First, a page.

Your Guide to LA’s Many Neighborhoods


With a population of about four million people and covering a total area of 502.7 square miles (1,302 km2), Los Angeles is big. So we understand if you’re a bit confused about where to stay during your trip. In this guide, we’ll highlight the six main areas of the city and what neighborhoods to check out in each.

Eastside neighborhood in Los Angeles.
Photo by Anthony Fomin from Unsplash.



Downtown LA has really had a facelift over the past 20 years. What was once not the best place to visit is now full of museums, restaurants, bars, galleries, and more. Here, you can check out Woodspoon , a Brazilian restaurant known for chicken pot pies and yuca fries, Bottega Louie for weekend brunch, The Last Bookstore for books and records, and Seven Grand for whiskey, pool, and live music. For shopping, head to The Santee Alley or The Row , and don’t forget to check out the Frank Gehry-designed Walt Disney Concert Hall .


Pasadena is a beautiful neighborhood (albeit considered a bit suburban) made famous by UCLA’s home stadium the Rose Bowl, the popular monthly Rose Bowl flea market, and the annual Rose Parade which takes over Colorado Boulevard every January 1. On this same street, you’ll find a myriad of cute shops and restaurants. You can also take a stroll through the Arlington Garden , a 3-acre botanical garden, stop into the Norton Simon Museum , and check out the The Huntington Library's Art Collections and Botanical Gardens .


Ah Silverlake, where hipsters abound! Does anything say hipster more than Moby’s vegan restaurant, Little Pine , setting up shop here? Head to Silverlake and grab a coffee at Intelligentsia - Silver Lake Coffeebar before taking a walk around the Silver Lake Reservoir, and stop for photo ops at its many painted staircases (check out this handy map). For a delightful meal at a gorgeous restaurant, look no further than The Semi-Tropic , and for an indie bookstore that hosts great authors and readings, stop into Skylight Books .

Other honorable mentions on the Eastside

Los Feliz (home to hipsters, the Ceviche Project, and live music at The Dresden made popular by the movie Swingers), Boyle Heights (home of Netflix’s Gente-fied), Highland Park (check out Triple Beam Pizza and Hippo for food and Block Party for a fun night out), Koreatown (go to Dave's Hot Chicken (Koreatown) for grub and Oo Kook Korean BBQ for Korean BBQ), Atwater Village (order a breakfast burrito at the Bourdain-anointed Tacos Villa Corona then check out the cute shops on Glendale Blvd), Echo Park, and Eagle Rock.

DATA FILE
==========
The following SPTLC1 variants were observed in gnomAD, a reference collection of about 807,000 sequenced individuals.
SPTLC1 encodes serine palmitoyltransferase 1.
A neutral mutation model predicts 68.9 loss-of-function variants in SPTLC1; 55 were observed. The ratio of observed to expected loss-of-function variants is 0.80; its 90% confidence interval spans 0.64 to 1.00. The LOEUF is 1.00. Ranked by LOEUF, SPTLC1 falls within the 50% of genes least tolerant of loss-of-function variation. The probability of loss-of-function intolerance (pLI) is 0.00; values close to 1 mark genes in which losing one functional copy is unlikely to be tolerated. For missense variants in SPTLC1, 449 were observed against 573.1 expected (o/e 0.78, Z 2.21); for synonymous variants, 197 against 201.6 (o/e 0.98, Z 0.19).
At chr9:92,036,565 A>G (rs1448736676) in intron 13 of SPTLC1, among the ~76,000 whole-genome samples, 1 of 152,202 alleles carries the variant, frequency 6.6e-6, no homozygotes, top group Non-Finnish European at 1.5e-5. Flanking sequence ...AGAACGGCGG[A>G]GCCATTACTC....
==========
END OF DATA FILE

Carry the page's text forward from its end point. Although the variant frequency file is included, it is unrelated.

Hollywood neighborhood in Los Angeles.
Photo by Benoit Debaix C from Unsplash.

Hollywood/Central LA


Oh, Hollywood; it really isn’t a trip to LA if you don’t explore this neighborhood. While you’re here, check out Hollywood Boulevard with its celebrity stars and famous old theaters, and buy a star map and take a drive through the Hollywood Hills to search out the homes of celebrities. At night, get dressed up and head to La Descarga , a Cuban-themed nightclub with a cigar room and burlesque-style dancers. Last but not least, take a trip over to Hollywood Forever Cemetery to visit the graves of Hollywood legends and enjoy outdoor film screenings, concerts, and more.

West Hollywood

Commonly referred to as the “gayborhood”, West Hollywood is the city’s gay district, home to the LA Gay Pride Parade—the world’s first permitted Gay Pride Parade—and arguably the most fun neighborhood in the city. During your visit, don’t miss drag brunch at Hamburger Mary's , Gracias Madre (West Hollywood) for vegan Mexican food and a big tequila menu, and The Abbey andPUMP for cocktails.


For soaking up culture and tucking into some delicious food, head no further than Mid-Wilshire. This neighborhood is home to LACMA —with amazing food trucks across the street—and the La Brea Tar Pits & Museum . Speaking of food trucks, don’t miss out on Leo's Tacos Truck (La Brea) on the corner of La Brea and Venice for Tacos Al Pastor. You can also take a stroll down Third Street to check out cute cafes and shops like Toast Bakery Cafe , made famous by the TV show Entourage, and the LA staple Joan’s on Third .

Other honorable mentions in Central LA

Fairfax (home to Canter's Deli and great shopping on Melrose), Larchmont (a super cute neighborhood, you’ll forget you're in LA!), Century City (lots of malls and businesses and home to the Museum of Tolerance ), Hancock Park (with gorgeous old LA homes), and the Hollywood Hills.

Beverly Hills neighborhood in Los Angeles.
Photo by Caroline Hernandez from Unsplash.


Beverly Hills

*Beverly Hills, what a thrill!* Girl Scout Troops aside, Beverly Hills is home to some iconic LA spots, including Rodeo Drive, Sunset Boulevard, and the Beverly Wilshire, made famous by Pretty Woman (the hotel even offers a $300K “Pretty Woman Experience”). While in this neck of the woods, make sure you also check out Dan Tana's , an iconic eatery serving Italian staples, and Sprinkles Beverly Hills (you can get a cupcake via their cupcake ATM!). If you prefer more of an old-school Beverly Hills vibe, opt for The Grill on the Alley orSpago . Insider Tip: Parking in this neighborhood is free for two hours at their public parking garages.


Malibu is iconic, and if you spend enough time here you’ll most likely spot a celeb. Here you can also find some great surfing, both at the pier and at Malibu Surfrider Beach . After catching some waves and/or sun, head to Malibu Farm for beautiful views and organic fare, Broad Street Oyster Company for seafood, or Nobu Malibu if you’re feeling fancy, and top it off with a wine tasting at Rosenthal Wine Bar & Patio .